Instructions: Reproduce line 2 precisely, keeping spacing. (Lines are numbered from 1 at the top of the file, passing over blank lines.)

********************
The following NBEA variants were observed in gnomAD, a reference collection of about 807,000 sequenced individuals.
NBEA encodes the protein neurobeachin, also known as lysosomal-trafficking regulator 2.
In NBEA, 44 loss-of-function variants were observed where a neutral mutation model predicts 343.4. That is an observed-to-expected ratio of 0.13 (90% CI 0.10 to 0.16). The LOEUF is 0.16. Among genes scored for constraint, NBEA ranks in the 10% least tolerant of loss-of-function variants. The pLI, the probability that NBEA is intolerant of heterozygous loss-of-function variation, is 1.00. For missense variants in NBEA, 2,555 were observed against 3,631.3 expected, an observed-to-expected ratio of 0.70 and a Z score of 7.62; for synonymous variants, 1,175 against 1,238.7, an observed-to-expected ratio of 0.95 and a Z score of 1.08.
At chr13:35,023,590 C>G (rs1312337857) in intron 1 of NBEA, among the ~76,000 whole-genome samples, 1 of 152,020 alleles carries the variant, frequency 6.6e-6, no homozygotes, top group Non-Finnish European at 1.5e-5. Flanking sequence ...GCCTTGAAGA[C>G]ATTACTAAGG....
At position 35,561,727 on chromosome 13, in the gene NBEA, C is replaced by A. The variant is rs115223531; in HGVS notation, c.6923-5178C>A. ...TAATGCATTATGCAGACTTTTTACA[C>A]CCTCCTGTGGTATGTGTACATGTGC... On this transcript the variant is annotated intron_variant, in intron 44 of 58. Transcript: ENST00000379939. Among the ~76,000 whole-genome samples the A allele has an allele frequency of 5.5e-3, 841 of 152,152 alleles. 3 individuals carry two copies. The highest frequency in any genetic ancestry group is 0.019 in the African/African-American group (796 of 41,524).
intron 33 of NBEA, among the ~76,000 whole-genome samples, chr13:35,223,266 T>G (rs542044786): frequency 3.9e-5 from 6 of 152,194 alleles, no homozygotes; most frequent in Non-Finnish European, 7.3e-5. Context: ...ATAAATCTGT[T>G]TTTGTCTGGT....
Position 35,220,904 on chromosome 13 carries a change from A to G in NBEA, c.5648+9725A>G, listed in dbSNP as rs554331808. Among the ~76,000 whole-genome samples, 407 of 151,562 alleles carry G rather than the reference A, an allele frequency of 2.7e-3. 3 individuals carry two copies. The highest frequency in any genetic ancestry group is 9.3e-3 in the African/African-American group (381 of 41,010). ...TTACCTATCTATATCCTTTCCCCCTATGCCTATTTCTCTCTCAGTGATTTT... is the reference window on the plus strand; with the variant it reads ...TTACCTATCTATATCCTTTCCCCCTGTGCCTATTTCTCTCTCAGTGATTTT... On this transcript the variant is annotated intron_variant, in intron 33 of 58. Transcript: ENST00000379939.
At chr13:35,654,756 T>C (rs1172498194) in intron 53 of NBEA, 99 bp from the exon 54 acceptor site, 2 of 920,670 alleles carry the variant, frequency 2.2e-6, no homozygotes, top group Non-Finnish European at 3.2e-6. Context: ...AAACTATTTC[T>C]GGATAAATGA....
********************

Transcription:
NBEA encodes the protein neurobeachin, also known as lysosomal-trafficking regulator 2.